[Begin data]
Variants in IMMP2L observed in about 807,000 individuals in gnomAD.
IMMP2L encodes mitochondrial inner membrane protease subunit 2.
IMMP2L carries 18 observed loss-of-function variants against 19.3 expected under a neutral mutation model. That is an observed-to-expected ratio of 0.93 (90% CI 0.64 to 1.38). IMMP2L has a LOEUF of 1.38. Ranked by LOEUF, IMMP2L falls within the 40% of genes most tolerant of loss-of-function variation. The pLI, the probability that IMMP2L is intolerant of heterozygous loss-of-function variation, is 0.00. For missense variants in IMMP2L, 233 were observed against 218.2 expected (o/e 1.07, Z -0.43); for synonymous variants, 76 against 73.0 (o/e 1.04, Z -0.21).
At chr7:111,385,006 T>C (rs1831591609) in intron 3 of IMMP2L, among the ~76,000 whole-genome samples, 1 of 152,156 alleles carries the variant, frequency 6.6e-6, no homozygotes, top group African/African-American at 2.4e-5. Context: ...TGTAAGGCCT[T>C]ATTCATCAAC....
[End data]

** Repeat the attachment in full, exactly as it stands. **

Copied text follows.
Variants in IMMP2L observed in about 807,000 individuals in gnomAD.
IMMP2L encodes mitochondrial inner membrane protease subunit 2.
IMMP2L carries 18 observed loss-of-function variants against 19.3 expected under a neutral mutation model. That is an observed-to-expected ratio of 0.93 (90% CI 0.64 to 1.38). IMMP2L has a LOEUF of 1.38. Ranked by LOEUF, IMMP2L falls within the 40% of genes most tolerant of loss-of-function variation. The pLI, the probability that IMMP2L is intolerant of heterozygous loss-of-function variation, is 0.00. For missense variants in IMMP2L, 233 were observed against 218.2 expected (o/e 1.07, Z -0.43); for synonymous variants, 76 against 73.0 (o/e 1.04, Z -0.21).
At chr7:111,385,006 T>C (rs1831591609) in intron 3 of IMMP2L, among the ~76,000 whole-genome samples, 1 of 152,156 alleles carries the variant, frequency 6.6e-6, no homozygotes, top group African/African-American at 2.4e-5. Context: ...TGTAAGGCCT[T>C]ATTCATCAAC....